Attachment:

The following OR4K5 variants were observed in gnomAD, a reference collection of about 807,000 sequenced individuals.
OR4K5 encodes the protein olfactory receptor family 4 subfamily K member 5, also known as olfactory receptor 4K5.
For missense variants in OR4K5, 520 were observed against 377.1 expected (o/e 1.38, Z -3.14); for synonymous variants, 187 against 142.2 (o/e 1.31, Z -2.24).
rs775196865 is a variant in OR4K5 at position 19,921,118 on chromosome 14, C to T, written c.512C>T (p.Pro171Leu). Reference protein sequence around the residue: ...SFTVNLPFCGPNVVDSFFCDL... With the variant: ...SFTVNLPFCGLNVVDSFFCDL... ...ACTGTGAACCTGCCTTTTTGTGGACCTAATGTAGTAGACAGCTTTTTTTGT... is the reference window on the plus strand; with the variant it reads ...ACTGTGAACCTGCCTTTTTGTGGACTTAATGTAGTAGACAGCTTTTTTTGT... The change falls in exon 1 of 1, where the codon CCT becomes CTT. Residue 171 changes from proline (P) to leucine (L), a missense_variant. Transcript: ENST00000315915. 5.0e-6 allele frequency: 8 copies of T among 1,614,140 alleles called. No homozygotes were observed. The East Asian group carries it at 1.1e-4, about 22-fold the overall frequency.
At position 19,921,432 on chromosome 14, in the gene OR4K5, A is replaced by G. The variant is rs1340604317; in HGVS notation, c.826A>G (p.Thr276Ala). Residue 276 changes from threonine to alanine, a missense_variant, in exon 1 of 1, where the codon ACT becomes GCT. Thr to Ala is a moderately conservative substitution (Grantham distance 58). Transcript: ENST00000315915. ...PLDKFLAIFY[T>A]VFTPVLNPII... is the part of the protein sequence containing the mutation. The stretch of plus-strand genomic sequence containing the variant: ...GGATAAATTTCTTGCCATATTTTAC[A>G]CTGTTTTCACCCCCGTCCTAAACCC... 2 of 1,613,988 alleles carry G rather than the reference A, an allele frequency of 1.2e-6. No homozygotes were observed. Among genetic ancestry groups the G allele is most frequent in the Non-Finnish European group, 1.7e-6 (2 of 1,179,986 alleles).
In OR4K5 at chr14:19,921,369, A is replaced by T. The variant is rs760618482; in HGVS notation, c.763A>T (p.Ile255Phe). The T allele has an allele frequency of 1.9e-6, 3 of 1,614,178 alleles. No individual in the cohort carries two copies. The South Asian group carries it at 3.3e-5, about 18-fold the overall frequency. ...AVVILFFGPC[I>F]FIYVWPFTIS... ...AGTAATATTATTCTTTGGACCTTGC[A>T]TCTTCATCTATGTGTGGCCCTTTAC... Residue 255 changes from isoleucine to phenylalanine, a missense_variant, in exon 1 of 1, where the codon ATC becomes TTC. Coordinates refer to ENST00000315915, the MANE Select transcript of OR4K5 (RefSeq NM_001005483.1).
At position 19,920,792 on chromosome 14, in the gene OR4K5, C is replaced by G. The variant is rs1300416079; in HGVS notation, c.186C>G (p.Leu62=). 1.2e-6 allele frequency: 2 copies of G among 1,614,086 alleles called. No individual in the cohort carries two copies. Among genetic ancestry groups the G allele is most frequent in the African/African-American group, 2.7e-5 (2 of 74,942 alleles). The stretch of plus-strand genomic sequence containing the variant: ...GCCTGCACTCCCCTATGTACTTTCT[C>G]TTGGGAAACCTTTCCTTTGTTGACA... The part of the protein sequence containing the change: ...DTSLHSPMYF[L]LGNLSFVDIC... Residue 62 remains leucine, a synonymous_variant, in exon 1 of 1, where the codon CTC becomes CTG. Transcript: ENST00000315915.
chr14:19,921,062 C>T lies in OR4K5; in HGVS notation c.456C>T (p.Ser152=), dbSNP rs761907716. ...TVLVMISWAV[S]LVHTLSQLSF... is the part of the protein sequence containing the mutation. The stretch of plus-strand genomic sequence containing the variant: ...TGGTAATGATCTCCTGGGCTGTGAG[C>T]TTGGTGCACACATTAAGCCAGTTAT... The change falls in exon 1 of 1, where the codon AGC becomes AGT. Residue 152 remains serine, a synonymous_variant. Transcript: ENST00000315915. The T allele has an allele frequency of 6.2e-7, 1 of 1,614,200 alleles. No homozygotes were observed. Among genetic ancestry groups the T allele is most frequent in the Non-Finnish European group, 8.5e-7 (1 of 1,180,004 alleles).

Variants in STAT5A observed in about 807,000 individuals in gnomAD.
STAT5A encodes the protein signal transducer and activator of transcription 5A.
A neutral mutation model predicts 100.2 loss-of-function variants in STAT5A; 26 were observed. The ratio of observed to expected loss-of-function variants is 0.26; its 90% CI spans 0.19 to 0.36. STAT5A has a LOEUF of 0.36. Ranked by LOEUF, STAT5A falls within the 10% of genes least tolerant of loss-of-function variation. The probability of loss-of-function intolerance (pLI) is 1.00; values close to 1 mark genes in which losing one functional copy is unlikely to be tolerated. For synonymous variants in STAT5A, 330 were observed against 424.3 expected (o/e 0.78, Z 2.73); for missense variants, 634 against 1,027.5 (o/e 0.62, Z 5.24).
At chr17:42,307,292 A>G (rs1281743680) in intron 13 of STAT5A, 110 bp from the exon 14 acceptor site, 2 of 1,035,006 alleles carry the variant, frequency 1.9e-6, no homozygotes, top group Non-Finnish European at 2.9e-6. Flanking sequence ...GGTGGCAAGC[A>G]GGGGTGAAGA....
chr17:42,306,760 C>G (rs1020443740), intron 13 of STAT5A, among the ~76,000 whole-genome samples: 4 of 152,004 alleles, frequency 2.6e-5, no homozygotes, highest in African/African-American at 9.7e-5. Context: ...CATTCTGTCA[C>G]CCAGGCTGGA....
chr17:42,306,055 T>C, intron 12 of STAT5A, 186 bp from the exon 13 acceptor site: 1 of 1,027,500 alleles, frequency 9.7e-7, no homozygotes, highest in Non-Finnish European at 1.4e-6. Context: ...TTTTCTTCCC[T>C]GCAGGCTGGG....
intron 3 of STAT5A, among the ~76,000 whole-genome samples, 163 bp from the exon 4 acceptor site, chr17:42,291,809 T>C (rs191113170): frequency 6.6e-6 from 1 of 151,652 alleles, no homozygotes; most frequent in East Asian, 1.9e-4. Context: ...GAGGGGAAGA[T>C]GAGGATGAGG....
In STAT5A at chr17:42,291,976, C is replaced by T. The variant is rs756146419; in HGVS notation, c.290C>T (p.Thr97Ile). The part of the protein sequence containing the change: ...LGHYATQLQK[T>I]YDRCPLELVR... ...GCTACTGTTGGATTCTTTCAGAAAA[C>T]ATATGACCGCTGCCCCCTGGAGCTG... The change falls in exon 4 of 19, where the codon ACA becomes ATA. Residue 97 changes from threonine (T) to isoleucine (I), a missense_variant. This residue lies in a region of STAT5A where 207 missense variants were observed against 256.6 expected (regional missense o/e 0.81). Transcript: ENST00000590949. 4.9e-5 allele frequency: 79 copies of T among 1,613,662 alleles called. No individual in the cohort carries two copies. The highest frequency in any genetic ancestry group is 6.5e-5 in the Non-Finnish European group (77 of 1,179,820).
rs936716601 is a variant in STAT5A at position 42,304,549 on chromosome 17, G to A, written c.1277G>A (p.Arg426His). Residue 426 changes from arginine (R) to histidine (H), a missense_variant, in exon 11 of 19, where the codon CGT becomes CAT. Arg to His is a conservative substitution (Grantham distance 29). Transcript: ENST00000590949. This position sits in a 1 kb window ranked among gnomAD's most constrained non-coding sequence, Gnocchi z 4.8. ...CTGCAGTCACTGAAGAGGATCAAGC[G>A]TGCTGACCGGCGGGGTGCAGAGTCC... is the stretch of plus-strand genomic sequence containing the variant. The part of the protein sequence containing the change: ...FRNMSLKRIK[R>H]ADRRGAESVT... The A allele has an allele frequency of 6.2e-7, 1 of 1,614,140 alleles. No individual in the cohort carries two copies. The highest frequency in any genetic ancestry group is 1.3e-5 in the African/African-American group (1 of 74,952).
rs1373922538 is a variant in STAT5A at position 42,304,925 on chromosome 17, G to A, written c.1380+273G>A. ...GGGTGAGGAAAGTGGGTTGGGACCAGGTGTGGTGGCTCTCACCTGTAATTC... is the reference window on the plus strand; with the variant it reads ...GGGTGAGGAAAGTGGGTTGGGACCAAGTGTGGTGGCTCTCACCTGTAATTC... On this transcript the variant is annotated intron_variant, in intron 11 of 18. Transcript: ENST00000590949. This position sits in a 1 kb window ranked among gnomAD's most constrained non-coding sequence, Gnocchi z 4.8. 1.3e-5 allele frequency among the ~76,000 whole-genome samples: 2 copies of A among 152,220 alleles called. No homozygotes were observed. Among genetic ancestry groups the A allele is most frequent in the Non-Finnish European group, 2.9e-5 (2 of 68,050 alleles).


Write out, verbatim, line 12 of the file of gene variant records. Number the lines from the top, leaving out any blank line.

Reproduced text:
At chr17:42,307,292 A>G (rs1281743680) in intron 13 of STAT5A, 110 bp from the exon 14 acceptor site, 2 of 1,035,006 alleles carry the variant, frequency 1.9e-6, no homozygotes, top group Non-Finnish European at 2.9e-6. Flanking sequence ...GGTGGCAAGC[A>G]GGGGTGAAGA....